Night envelops Buenos Aires again. And with it I am enveloped in more strange dreams about ice cold seawater pushing into my mouth. It’s like Miguel’s bag is still in my room. I know what is in it, and yet I did not look in it. Or … have I not been sleeping at all, since I came home, just imagining?
Outside my hostal a hooker howls in frustration over a customer that apparently drove away without paying for a job in the car just below the dead lamppost at the corner; there is the even more distant howling of horns from taxi cabs squeezing each other to get the last customers in front of the Estación Buenos Aires Línea Belgrano Sur; transistor radios blast through wide open windows in the apartments opposite our building and in our building – bad pop music from the more seedy discos in the barrio of Barracas where I’m staying.
Funny, because in the day, Buenos Aires seems relatively mild, despite its subdued Latin American passion and the occasional soccer brawl; it’s mild in attitude, even welcoming in places – unlike, for example, L.A., which I’ve been to a few times. Sucked big time. Didn’t like it. Maybe if you lived in Beverly Hills, but then you’d just be a bird in gilded cage, wouldn’t you?
Maybe Ohio wasn’t so bad. Or even Skye …
Careful, Carrie – don’t get over-sentimental. Just find that single clean black blouse you have, and the least-worn looking pair of jeans and that comb you use too seldom. And then Mr. Miguel Sanchez Palomino won’t get any ideas of the sort men who are 20 years older than you might easily get. I’m not gonna look the part.
It could still go horribly wrong, though … What was I thinking?
Probably wasn’t …
Maybe I’m like a missile, and having found no target, I just keep cruising for the nearest whatever to self-destruct in. Or maybe I’ll end up in the ocean?
Look, girl – he is not dangerous.
I don’t sense any danger.
And God knows, if it comes to that I’ve already had some experience … in Bolivia, for example. Because I’m not very good with men …. and … Jeesh, there’s a revelation!
But I believe that he is not dangerous in that sort of way. If he says he’s okay with doing something impulsive, because he knows (and we both admitted to it – sort of) – that otherwise he’s just gonna be standing there the next morning, equally alone, with equal pointlessness … well, then he is okay with it. Then he has a reason that’s as good as mine.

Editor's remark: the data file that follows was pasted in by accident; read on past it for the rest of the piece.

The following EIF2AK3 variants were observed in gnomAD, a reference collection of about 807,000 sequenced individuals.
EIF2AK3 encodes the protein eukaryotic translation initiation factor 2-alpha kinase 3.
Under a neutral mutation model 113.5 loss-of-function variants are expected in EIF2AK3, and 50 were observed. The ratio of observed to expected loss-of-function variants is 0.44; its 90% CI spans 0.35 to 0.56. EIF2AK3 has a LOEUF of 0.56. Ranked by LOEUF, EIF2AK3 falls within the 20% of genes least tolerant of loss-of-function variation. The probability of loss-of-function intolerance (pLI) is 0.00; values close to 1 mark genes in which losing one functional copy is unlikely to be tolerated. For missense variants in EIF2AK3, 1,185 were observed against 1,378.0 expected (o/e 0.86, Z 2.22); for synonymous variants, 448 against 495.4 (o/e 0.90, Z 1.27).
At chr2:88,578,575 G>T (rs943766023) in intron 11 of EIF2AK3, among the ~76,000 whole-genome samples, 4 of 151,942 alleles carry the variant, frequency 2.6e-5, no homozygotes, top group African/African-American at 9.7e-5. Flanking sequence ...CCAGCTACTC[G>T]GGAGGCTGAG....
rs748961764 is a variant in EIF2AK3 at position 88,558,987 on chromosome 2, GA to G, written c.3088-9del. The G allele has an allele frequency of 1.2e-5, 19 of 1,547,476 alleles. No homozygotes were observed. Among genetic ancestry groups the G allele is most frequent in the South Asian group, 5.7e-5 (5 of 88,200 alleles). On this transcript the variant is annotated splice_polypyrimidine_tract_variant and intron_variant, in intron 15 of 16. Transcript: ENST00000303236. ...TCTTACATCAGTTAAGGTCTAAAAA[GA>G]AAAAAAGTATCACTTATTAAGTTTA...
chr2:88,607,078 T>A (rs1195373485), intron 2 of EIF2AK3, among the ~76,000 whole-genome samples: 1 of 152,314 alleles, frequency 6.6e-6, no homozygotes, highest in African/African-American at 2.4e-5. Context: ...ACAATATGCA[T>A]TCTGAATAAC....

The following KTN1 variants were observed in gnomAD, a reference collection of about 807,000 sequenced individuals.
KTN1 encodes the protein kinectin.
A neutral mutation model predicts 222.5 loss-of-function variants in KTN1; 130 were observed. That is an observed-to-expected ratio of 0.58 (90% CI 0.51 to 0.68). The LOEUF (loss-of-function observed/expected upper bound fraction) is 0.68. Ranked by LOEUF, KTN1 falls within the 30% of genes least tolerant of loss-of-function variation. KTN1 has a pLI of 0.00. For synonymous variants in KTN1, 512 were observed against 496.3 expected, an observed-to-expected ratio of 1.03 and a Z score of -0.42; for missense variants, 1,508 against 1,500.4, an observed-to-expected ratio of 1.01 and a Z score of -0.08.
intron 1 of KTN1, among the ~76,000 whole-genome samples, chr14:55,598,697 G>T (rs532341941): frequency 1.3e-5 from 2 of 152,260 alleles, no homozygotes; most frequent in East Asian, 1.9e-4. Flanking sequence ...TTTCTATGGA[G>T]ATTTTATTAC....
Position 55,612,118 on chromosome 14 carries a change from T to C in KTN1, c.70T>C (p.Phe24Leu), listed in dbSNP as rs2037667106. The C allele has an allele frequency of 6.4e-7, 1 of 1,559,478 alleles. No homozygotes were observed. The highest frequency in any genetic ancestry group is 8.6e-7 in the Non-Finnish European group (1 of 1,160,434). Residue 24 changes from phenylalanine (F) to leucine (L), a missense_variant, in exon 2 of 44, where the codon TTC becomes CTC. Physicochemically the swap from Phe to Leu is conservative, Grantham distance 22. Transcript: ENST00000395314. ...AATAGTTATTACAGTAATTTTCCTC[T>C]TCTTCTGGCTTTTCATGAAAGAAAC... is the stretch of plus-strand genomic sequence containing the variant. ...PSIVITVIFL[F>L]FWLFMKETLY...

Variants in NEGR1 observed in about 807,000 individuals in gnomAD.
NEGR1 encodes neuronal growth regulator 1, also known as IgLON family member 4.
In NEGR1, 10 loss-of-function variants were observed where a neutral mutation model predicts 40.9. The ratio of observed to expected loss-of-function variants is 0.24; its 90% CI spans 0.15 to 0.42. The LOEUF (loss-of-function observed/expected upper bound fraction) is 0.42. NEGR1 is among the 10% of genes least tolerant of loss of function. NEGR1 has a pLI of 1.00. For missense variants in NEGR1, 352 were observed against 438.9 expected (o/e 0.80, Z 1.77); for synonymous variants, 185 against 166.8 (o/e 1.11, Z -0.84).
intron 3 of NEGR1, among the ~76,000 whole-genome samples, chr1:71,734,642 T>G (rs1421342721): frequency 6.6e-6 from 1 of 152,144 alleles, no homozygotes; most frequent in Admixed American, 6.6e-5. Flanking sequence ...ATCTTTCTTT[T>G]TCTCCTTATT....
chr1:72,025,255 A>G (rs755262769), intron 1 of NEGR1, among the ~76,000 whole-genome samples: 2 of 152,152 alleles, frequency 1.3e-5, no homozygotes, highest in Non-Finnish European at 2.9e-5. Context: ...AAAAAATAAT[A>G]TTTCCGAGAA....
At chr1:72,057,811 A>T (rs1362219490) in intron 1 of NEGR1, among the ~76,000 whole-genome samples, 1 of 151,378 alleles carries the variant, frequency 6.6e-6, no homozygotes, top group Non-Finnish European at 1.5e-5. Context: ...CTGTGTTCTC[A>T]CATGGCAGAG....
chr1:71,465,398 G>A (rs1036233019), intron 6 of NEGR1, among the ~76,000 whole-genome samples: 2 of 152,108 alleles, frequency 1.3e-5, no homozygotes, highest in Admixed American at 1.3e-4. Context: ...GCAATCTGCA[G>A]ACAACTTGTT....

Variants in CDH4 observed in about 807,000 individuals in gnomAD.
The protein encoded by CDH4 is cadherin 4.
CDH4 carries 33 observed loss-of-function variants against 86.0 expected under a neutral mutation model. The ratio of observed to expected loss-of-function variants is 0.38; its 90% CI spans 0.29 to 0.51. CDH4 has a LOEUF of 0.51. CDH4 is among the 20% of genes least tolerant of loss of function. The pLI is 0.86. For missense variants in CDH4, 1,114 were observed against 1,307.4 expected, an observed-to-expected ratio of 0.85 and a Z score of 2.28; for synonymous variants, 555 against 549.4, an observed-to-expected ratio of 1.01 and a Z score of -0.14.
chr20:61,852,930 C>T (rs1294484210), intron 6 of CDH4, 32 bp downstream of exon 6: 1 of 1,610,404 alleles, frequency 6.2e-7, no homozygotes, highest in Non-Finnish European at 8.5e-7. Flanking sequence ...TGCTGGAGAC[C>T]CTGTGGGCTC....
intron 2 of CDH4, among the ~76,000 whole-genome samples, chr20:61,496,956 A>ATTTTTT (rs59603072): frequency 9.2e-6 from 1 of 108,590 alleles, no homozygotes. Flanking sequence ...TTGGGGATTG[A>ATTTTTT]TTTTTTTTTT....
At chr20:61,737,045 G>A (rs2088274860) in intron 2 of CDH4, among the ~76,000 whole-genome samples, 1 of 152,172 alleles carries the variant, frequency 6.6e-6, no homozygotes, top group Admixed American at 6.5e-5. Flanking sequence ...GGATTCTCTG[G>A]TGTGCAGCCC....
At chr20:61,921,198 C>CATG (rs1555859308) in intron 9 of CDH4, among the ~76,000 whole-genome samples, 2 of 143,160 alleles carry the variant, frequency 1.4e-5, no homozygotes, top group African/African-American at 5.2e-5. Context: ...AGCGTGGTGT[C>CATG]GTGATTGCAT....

That’s always the bottom line for me, isn’t it? I am weird and therefore good a meeting weird people in weird ways. So far it hasn’t got me killed. Or raped. Or both.
… Phone ringing. I almost tear it off the wall.
Not because I’m eager but because it is very poorly fastened to the wall. After some initial swearing I get the message. The receptionist, good ol’ Mr. Lynch, is trying to tell me the impossible.
He is here. He actually came.
Ohgodohgod – so now what do I do. Go down? Stay …
Why the … ?! Little Cairistiona, you get in that blouse and you go down, and if you have any doubts then just go home – all the way to Ohio and became a washing lady or something. After everything you’ve been through. Where’re your guts?! Christ, for a gonzo-leap into the land of self-discovery, for someone who TRIES to be impulsive you are -
Enough. Enough already.
I’ll go down. Easy now. Just sleep on the blouse. Check my wallet, credit card, keys.
I really am.
I open the door, as if I’m sleepwalking. Then I go down.
Place: The pitiful excuse for a lobby in Hostal Peron
Miguel is waiting. And he looks every bit like … I didn’t expect:
White shirt, ironed – half open at the top. Shaven. Hair actually bears marks of contact with comb. He looks … strange.
Like I only saw him as a soldier, or worse – as a vagabond. Before. How is that possible? How can I have marked him up like that in my mind.
I know, goddammit, that people are people, more than just what they hell they wear or where they go or the jobs they take or the leaflets they hand out … I know that … !
This is so scary, that for a moment it makes me hesitate on the stairs. He misunderstands.
“Señorita Soier … ” he slowly manages to say, in lieu of a more formal greeting, and all the time while swallowing … something – “I’d like to take you out. If you still want to.”
I swallow, too, feel my own breathing … as if I have to force it, along my steps. Then I walk all the way down. Extend my hand …
“Hola Miguel … I’m ready. ¿Vamos?”
Mr. Lynch behind the reception desk, venerable, mountainous in his calm, smiles broadly – like our age difference didn’t matter. Maybe it doesn’t. Or maybe it’s just a relic from an old age where men were always allowed to go out with younger women without being frowned upon, an Age that kept existing in Argentina and a few other places but died a long time ago in the rest of the ‘modern’ world.
I take his arm, put it into mine.
“What are you waiting for?” I whisper. “Let’s go. Don’t want Señor Lynch to think something about us, do we?”
“No – of course not.”
We head out the revolving doors, into the warm night.
I said he was not going to come. In a way I was right. He came but that part of him that would’ve taken the lead did not come, perhaps it never could. Maybe it drowned a long time ago, somewhere off the Falklands?
Why do I want to know?
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